Consuming a good portion of your daily carbohydrate intake during breakfast time is pretty sound advice. For starters, your body is in an excellent state to process carbohydrates early in the morning. Along with that, your body’s glucose tolerance and insulin sensitivity are also at their peak. But there is something that can disrupt all of that and it may be hard to believe what it is – caffeinated coffee. Here’s why you will want to trade in that daily, sometimes necessary cup of caffeine for some decaf, at least.
When consuming caffeinated coffee along with a good portion of your daily carbohydrate intake, your body’s morning ability to better process carbs and increased glucose tolerance and insulin sensitivity gets sabotaged. Normally, all of those things start decrease from their morning peak throughout the day but coffee is quick to sabotage them earlier on. In the end, if you are working toward eating right by following the advice of consuming a good portion of your daily carb intake during breakfast, coffee may be your biggest obstacle toward those weight loss goals.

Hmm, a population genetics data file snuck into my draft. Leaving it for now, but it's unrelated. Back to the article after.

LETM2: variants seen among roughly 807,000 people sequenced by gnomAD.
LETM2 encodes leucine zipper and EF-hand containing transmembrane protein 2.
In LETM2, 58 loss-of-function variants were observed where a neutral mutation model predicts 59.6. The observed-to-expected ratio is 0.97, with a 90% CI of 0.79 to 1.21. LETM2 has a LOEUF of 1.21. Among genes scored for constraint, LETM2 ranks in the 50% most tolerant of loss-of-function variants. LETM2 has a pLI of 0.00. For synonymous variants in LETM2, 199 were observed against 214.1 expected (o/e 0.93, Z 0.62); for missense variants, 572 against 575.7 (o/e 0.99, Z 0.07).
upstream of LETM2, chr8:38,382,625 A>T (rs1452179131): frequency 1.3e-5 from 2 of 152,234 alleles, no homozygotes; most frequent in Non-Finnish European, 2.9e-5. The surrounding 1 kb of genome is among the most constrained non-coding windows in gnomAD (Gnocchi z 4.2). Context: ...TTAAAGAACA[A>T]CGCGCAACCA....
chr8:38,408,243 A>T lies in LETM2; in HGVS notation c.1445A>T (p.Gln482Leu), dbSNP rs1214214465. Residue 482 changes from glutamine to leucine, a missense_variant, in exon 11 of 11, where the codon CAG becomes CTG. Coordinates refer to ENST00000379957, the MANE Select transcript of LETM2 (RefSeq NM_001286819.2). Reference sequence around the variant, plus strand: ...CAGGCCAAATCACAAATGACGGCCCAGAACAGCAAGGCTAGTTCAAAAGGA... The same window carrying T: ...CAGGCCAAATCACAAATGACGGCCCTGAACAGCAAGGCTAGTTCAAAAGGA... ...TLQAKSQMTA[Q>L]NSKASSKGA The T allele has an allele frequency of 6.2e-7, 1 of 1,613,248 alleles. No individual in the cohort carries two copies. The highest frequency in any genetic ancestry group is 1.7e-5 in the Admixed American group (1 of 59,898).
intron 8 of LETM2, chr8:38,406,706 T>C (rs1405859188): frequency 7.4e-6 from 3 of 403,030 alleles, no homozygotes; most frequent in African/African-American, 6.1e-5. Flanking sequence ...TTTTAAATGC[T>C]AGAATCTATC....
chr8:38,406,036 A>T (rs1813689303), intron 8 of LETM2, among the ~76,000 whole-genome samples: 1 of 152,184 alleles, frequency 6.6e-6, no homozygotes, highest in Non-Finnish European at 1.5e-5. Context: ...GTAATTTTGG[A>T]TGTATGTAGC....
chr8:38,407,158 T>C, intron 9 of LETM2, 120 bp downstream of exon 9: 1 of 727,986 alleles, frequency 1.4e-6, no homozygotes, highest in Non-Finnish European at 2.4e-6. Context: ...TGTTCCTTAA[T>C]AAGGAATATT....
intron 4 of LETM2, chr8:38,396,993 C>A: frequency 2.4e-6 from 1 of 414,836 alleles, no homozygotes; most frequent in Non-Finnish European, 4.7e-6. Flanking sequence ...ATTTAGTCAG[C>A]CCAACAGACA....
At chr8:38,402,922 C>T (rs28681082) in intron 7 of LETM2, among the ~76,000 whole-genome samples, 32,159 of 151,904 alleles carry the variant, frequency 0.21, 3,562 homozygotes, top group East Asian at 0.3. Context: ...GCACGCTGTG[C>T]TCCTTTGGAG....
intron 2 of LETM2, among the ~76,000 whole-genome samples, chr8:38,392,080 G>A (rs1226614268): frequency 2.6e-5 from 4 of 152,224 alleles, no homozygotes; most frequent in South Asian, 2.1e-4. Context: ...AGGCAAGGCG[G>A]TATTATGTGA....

There have been a few studies that have demonstrated the effects of coffee. One of the studies published in the American Journal of Clinical Nutrition titled, “Caffeinated coffee consumption impairs blood glucose homeostasis in response to high and low glycemic index meals in healthy men” (Moisey LL, et al., 2008), observed 10 healthy men throughout 4 trials in a randomized order.
The men ingested either 5 mg of caffeinated coffee or the same amount decaffeinated coffee followed by an either high or low glycemic index cereal which provided 75 g of carbs. Testing their tolerance afterward, the study found that ingesting the caffeinated coffee with either a high or low glycemic index meal impaired the management of blood glucose and insulin sensitivity compared to the ingestion of decaffeinated coffee.
When insulin sensitivity decreases along with glucose tolerance, that greatly slows down the fat burning process. Instead, more fat gets stored and that can be very detrimental to any work you put toward your weight loss goals. In the end, the best idea may be to avoid caffeinated coffee when you know you are going to consume a larger amount of carbohydrates during breakfast time.
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